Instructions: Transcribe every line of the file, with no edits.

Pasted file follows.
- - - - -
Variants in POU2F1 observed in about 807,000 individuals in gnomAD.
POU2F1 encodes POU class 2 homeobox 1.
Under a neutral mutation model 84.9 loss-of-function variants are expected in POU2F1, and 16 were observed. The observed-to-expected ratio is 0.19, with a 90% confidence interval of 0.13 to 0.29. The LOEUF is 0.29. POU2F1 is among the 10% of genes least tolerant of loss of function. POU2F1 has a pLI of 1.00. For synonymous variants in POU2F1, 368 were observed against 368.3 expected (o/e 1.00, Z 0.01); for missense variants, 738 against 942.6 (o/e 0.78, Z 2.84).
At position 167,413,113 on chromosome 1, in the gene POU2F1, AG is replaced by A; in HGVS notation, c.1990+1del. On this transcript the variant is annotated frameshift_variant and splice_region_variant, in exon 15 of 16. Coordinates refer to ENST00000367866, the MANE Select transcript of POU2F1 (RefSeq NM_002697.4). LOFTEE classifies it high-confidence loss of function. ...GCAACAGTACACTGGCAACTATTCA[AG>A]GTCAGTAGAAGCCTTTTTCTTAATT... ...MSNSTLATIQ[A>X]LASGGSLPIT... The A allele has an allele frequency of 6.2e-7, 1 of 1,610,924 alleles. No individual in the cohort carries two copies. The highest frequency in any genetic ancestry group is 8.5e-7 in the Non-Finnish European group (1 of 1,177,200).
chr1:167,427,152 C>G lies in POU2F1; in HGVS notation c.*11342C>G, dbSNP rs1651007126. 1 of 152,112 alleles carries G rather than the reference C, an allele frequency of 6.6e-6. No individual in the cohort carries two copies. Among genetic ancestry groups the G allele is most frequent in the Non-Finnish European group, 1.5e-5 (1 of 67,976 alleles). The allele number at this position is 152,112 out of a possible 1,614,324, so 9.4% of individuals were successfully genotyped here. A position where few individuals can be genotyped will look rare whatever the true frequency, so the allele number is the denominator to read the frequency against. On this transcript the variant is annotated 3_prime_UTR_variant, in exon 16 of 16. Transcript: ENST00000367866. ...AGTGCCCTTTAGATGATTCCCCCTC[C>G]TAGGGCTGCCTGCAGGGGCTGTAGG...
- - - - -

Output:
Variants in POU2F1 observed in about 807,000 individuals in gnomAD.
POU2F1 encodes POU class 2 homeobox 1.
Under a neutral mutation model 84.9 loss-of-function variants are expected in POU2F1, and 16 were observed. The observed-to-expected ratio is 0.19, with a 90% confidence interval of 0.13 to 0.29. The LOEUF is 0.29. POU2F1 is among the 10% of genes least tolerant of loss of function. POU2F1 has a pLI of 1.00. For synonymous variants in POU2F1, 368 were observed against 368.3 expected (o/e 1.00, Z 0.01); for missense variants, 738 against 942.6 (o/e 0.78, Z 2.84).
At position 167,413,113 on chromosome 1, in the gene POU2F1, AG is replaced by A; in HGVS notation, c.1990+1del. On this transcript the variant is annotated frameshift_variant and splice_region_variant, in exon 15 of 16. Coordinates refer to ENST00000367866, the MANE Select transcript of POU2F1 (RefSeq NM_002697.4). LOFTEE classifies it high-confidence loss of function. ...GCAACAGTACACTGGCAACTATTCA[AG>A]GTCAGTAGAAGCCTTTTTCTTAATT... ...MSNSTLATIQ[A>X]LASGGSLPIT... The A allele has an allele frequency of 6.2e-7, 1 of 1,610,924 alleles. No individual in the cohort carries two copies. The highest frequency in any genetic ancestry group is 8.5e-7 in the Non-Finnish European group (1 of 1,177,200).
chr1:167,427,152 C>G lies in POU2F1; in HGVS notation c.*11342C>G, dbSNP rs1651007126. 1 of 152,112 alleles carries G rather than the reference C, an allele frequency of 6.6e-6. No individual in the cohort carries two copies. Among genetic ancestry groups the G allele is most frequent in the Non-Finnish European group, 1.5e-5 (1 of 67,976 alleles). The allele number at this position is 152,112 out of a possible 1,614,324, so 9.4% of individuals were successfully genotyped here. A position where few individuals can be genotyped will look rare whatever the true frequency, so the allele number is the denominator to read the frequency against. On this transcript the variant is annotated 3_prime_UTR_variant, in exon 16 of 16. Transcript: ENST00000367866. ...AGTGCCCTTTAGATGATTCCCCCTC[C>G]TAGGGCTGCCTGCAGGGGCTGTAGG...